Leaves of absence for study abroad limited
Michaels, Amanda | Tuesday, October 14, 2003
Students dissatisfied with Notre Dame’s study abroad offerings who are pursuing alternatives may find themselves campus-bound if they are not careful.
In a decision passed down by the Office of the Provost, the number of leaves of absence that the College of Arts and Letters grants to those going outside the University to study abroad has been reduced from 40 to 16.
Ava Preacher, assistant dean for undergraduate studies in the College of Arts and Letters, cited budgetary concerns as a cause for the reduction.
“A student who applies for one of these alternative programs does not pay Notre Dame tuition,” Preacher said. “So we’d like to have fewer students going abroad through other schools, unless they have an overriding academic need to do so. The University has always had the ability to say that a study abroad program was not more appropriate than its own.”
Those traveling to countries in Africa or East Asia, where Notre Dame’s International Studies programs fall short, will be given priority for leave grants. Preacher also added that, in the past, all 40 leaves of absence were not used, so their further limitation was practical.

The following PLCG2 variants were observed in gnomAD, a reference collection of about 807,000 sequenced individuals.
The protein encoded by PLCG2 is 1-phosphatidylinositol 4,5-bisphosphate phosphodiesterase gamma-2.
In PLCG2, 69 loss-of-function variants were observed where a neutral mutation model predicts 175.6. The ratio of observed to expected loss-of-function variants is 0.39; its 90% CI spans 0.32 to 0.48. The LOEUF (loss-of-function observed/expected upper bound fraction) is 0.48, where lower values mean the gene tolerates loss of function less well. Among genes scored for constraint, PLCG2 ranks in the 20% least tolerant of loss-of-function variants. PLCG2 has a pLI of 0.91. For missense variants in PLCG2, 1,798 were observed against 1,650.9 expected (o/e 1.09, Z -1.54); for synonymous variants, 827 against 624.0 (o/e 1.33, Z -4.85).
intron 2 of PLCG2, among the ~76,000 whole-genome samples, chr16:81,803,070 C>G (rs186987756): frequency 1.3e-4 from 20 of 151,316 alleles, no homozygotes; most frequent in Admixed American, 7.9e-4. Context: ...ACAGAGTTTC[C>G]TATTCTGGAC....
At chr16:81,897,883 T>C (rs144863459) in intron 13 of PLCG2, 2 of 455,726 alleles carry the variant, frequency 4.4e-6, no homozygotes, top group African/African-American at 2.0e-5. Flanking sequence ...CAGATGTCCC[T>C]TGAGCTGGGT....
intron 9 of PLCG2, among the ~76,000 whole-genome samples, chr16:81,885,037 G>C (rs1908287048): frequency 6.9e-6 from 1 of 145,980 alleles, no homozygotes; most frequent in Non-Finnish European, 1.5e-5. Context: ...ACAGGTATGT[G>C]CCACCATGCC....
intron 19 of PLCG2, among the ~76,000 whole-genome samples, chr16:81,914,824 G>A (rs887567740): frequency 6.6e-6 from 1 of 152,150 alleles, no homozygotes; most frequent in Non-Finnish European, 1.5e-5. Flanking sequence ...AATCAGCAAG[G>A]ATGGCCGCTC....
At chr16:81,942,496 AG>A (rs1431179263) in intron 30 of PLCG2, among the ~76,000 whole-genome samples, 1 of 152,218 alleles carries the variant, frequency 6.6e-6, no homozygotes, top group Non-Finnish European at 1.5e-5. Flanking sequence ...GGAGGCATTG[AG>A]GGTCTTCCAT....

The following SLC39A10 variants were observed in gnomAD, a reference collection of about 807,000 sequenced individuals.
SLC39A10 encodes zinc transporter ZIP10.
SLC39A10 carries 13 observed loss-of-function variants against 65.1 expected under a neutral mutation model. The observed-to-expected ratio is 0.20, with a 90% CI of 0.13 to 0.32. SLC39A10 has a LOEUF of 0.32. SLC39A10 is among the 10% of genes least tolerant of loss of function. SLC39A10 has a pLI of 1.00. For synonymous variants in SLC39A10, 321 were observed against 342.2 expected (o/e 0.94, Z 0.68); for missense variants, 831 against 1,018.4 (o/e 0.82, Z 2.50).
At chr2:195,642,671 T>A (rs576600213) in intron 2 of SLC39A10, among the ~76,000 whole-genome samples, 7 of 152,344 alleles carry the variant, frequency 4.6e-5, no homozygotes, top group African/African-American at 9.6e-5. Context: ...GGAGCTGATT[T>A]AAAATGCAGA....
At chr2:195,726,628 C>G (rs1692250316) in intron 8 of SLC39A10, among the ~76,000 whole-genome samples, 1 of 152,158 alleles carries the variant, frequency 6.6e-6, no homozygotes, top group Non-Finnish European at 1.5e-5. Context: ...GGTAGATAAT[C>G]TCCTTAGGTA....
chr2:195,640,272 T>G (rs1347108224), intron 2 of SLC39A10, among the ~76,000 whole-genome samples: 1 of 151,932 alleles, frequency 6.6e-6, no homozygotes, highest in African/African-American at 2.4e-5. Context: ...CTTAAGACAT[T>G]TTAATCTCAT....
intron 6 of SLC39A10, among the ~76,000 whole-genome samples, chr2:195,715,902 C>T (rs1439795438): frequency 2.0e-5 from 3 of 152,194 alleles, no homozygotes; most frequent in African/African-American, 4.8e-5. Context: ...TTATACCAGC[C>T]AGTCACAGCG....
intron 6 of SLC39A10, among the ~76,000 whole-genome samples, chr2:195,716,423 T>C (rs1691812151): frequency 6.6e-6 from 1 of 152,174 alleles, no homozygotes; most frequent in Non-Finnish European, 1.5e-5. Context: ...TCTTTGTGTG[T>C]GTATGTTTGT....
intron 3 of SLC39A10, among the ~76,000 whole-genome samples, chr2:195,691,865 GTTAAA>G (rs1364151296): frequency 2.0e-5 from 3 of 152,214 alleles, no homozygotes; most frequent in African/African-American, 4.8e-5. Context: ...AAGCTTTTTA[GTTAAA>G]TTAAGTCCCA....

Though the decision is said to affect each college, Douglass Hemphill, assistant professional specialist in the Office of the Dean of the Mendoza College of Business, said he was not aware of any such reduction.
“To the best of my knowledge, we have not been given any kind of quota or limit or number,” said Hemphill. “The focus is on filling Notre Dame’s [study abroad] programs.”
Sister Kathleen Cannon, associate dean of the College of Science, said that their limit is seven leaves of absence and has been so for years.
“With our programs, we know what the numbers [of participants] are and can plan accordingly. If we had no way of limiting those going outside of Notre Dame for study abroad, we would have no handle on what was [happening] on campus,” said Cannon.
Because of the rarity of alternative study abroad participants within the School of Architecture and the College of Engineering, the limit for each school has not been tested.
For those who are affected by the cutbacks, Preacher suggested investigating summer courses or some of the undersubscribed programs within Notre Dame.